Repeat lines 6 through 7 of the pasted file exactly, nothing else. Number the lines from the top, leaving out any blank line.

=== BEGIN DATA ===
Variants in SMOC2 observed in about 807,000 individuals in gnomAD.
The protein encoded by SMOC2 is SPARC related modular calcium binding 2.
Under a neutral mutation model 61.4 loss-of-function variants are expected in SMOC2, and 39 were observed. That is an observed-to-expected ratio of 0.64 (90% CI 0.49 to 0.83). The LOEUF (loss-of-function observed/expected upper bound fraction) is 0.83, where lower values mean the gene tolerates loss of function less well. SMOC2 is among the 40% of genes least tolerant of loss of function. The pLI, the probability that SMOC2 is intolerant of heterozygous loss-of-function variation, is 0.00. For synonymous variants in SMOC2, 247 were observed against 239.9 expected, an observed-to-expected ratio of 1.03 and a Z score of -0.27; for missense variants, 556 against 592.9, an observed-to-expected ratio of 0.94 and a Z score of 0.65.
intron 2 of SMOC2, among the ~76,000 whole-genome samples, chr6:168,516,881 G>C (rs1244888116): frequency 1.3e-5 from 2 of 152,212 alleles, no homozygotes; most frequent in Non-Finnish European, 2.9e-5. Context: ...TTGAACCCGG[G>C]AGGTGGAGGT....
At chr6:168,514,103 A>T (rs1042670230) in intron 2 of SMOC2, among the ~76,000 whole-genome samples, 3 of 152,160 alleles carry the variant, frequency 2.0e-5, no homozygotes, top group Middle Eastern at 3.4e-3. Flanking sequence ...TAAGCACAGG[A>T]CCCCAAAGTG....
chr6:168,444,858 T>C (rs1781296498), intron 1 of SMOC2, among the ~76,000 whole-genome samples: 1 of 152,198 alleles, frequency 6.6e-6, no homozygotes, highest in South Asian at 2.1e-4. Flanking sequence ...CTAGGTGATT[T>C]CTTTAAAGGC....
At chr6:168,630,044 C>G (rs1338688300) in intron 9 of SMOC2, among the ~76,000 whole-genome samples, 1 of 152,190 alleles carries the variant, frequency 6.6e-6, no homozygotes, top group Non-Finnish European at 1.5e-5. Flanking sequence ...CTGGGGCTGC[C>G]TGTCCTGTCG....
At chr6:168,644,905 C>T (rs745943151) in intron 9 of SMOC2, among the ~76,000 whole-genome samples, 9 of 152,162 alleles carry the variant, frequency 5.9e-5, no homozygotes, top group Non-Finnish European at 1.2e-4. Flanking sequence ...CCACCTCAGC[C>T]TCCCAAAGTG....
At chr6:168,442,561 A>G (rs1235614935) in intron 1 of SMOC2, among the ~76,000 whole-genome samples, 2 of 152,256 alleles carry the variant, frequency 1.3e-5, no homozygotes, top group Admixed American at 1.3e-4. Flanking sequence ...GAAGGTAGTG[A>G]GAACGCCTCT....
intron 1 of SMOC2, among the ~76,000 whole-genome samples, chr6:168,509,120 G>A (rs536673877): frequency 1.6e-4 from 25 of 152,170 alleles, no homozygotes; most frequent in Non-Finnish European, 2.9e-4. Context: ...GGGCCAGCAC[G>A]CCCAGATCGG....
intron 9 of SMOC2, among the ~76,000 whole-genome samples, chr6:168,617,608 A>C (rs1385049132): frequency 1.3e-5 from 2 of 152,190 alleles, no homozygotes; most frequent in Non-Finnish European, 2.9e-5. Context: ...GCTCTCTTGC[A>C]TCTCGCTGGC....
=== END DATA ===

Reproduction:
chr6:168,444,858 T>C (rs1781296498), intron 1 of SMOC2, among the ~76,000 whole-genome samples: 1 of 152,198 alleles, frequency 6.6e-6, no homozygotes, highest in South Asian at 2.1e-4. Flanking sequence ...CTAGGTGATT[T>C]CTTTAAAGGC....
At chr6:168,630,044 C>G (rs1338688300) in intron 9 of SMOC2, among the ~76,000 whole-genome samples, 1 of 152,190 alleles carries the variant, frequency 6.6e-6, no homozygotes, top group Non-Finnish European at 1.5e-5. Flanking sequence ...CTGGGGCTGC[C>G]TGTCCTGTCG....